• How Did I Use The Critical Perspective? I designed a learning experience that used the Critical Perspective forthe group I was working with during this course. In this lesson we used thenarrative text A Penguin Pup for Pinkerton by S. Kellogg. The group isvery familiar with this text which means that we did not have to focus onskills covered under the Five Pillars of Literacy Instruction as reviewed inthe video The Beginning Reader (Laureate Education, Inc., 2010). Instead,we will be able to focus solely on how to think critically about a text. In thelesson, the students and I began with a type of Grand Conversation asdescribed in Gail Tompkins book Literacy for the 21st Century: A BalancedApproach (2010). During this time we shared our opinions about variousfeatures of this particular text. We then moved into a form of Question-Answer- Relationship (Tompkins, 2010) activity where I asked the childrenspecific questions about the text and they each shared their thoughts andjudgments about what I was asking.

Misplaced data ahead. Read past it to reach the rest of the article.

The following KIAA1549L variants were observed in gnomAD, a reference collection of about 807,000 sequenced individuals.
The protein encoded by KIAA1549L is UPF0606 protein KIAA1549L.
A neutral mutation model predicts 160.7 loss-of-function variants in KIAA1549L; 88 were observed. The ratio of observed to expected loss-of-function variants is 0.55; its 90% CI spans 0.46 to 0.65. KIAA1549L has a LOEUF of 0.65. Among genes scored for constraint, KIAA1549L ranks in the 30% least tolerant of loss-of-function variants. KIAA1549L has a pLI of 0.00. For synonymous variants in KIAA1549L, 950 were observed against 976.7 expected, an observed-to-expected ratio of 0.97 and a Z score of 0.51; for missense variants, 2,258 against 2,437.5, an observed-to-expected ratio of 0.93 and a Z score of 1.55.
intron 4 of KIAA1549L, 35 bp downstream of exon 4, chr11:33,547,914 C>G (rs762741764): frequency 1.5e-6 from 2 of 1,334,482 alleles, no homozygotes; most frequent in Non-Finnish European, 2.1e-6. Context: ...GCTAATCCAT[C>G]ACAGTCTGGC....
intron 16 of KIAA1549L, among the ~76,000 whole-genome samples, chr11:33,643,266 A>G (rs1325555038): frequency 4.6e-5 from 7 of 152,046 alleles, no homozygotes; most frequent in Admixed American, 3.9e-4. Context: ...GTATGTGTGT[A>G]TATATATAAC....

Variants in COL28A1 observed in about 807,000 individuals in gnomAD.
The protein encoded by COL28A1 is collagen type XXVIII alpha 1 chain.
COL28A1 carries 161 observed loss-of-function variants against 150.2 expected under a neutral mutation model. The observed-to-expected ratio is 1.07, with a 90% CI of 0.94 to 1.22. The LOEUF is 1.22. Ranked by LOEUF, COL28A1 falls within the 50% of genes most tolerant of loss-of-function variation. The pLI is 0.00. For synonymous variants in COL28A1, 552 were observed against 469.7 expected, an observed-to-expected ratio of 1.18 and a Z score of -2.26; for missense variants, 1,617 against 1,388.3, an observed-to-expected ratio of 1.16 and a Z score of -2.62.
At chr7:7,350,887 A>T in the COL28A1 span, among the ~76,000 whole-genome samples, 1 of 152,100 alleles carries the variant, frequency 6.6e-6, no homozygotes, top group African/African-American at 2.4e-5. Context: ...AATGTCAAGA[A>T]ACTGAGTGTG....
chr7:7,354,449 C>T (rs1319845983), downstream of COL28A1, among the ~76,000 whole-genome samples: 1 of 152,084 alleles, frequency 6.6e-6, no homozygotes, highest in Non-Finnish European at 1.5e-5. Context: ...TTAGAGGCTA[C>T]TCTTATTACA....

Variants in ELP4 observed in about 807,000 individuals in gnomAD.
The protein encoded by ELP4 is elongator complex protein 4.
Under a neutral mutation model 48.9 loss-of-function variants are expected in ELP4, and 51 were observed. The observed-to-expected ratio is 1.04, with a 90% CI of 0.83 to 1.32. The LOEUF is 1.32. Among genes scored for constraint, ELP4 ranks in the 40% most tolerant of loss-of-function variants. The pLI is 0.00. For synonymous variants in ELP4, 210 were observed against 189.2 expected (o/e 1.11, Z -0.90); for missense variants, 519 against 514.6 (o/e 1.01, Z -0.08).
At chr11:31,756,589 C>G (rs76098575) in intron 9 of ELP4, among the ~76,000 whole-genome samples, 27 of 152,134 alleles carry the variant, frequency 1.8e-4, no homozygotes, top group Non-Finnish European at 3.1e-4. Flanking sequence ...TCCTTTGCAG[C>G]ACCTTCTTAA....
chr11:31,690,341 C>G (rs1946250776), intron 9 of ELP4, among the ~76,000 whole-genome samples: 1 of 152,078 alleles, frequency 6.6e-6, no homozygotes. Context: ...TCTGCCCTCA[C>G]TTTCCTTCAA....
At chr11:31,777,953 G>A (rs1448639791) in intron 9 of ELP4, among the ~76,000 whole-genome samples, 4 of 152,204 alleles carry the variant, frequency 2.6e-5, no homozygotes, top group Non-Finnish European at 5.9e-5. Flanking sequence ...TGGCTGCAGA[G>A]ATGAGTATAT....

• How Did I Use The Critical Perspective? (continued) After the students shared and debated their critical evaluations of thistext, we closed the lesson reviewing the importance of using the CriticalPerspective when they read. I assessed the students’ ability to thinkcritically about a text based on observational notes that I made. In thevideo Critical Perspective, Dr. Janice Almasi explains the importance ofteaching children to use the Critical Perspective as they read. Dr. Almasitells us that teaching students to think this way is a key component of theirliteracy development. The critical examination of text causes the reader toconsider, in depth, the meaning of the text and how it affects them and theworld around them (Laureate Education, Inc., 2010).
    • Response Perspective The Response Perspective allows students to personally respond totext. Within this perspective, students are looking for ways that theyconnected to the text on a personal level. The connections may haveto do with other texts they have read, things that are going on in theworld around them, or things that have happened to them personallythat allow them to identify closely with a particular text. In the videoResponse Perspective Dr. Janice Almasi stresses the importance ofgiving students opportunities to make personal connections with textsand the characters or subject matter within them. These connectionsmade within the Response Perspective can make life changingimpressions on a reader (Laureate Education, Inc., 2010).